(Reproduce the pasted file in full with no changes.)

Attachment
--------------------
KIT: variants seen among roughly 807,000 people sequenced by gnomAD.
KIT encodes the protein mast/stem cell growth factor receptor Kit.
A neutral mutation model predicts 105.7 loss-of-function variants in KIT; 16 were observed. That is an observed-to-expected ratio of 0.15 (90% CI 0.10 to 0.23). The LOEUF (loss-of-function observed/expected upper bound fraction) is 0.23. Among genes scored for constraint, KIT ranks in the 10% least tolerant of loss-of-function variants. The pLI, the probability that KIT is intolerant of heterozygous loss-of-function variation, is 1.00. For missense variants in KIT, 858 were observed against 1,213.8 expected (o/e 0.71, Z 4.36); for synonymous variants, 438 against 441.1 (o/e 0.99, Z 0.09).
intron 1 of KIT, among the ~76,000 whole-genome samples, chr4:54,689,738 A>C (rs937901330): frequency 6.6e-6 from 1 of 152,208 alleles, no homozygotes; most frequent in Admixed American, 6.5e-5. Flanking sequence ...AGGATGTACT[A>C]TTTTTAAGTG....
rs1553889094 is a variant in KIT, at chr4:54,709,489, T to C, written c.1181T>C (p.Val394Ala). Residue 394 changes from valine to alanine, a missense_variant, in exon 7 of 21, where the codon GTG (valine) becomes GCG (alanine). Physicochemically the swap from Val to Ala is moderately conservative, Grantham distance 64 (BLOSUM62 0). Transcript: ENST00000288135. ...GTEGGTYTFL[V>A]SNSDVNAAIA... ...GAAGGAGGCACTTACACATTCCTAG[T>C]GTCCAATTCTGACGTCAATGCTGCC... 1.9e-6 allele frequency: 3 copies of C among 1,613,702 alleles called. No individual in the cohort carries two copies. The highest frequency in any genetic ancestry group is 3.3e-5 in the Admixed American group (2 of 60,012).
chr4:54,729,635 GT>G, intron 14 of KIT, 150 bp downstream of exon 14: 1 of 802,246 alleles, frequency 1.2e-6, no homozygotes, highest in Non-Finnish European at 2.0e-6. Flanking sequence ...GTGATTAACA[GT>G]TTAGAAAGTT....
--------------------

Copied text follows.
KIT: variants seen among roughly 807,000 people sequenced by gnomAD.
KIT encodes the protein mast/stem cell growth factor receptor Kit.
A neutral mutation model predicts 105.7 loss-of-function variants in KIT; 16 were observed. That is an observed-to-expected ratio of 0.15 (90% CI 0.10 to 0.23). The LOEUF (loss-of-function observed/expected upper bound fraction) is 0.23. Among genes scored for constraint, KIT ranks in the 10% least tolerant of loss-of-function variants. The pLI, the probability that KIT is intolerant of heterozygous loss-of-function variation, is 1.00. For missense variants in KIT, 858 were observed against 1,213.8 expected (o/e 0.71, Z 4.36); for synonymous variants, 438 against 441.1 (o/e 0.99, Z 0.09).
intron 1 of KIT, among the ~76,000 whole-genome samples, chr4:54,689,738 A>C (rs937901330): frequency 6.6e-6 from 1 of 152,208 alleles, no homozygotes; most frequent in Admixed American, 6.5e-5. Flanking sequence ...AGGATGTACT[A>C]TTTTTAAGTG....
rs1553889094 is a variant in KIT, at chr4:54,709,489, T to C, written c.1181T>C (p.Val394Ala). Residue 394 changes from valine to alanine, a missense_variant, in exon 7 of 21, where the codon GTG (valine) becomes GCG (alanine). Physicochemically the swap from Val to Ala is moderately conservative, Grantham distance 64 (BLOSUM62 0). Transcript: ENST00000288135. ...GTEGGTYTFL[V>A]SNSDVNAAIA... ...GAAGGAGGCACTTACACATTCCTAG[T>C]GTCCAATTCTGACGTCAATGCTGCC... 1.9e-6 allele frequency: 3 copies of C among 1,613,702 alleles called. No individual in the cohort carries two copies. The highest frequency in any genetic ancestry group is 3.3e-5 in the Admixed American group (2 of 60,012).
chr4:54,729,635 GT>G, intron 14 of KIT, 150 bp downstream of exon 14: 1 of 802,246 alleles, frequency 1.2e-6, no homozygotes, highest in Non-Finnish European at 2.0e-6. Flanking sequence ...GTGATTAACA[GT>G]TTAGAAAGTT....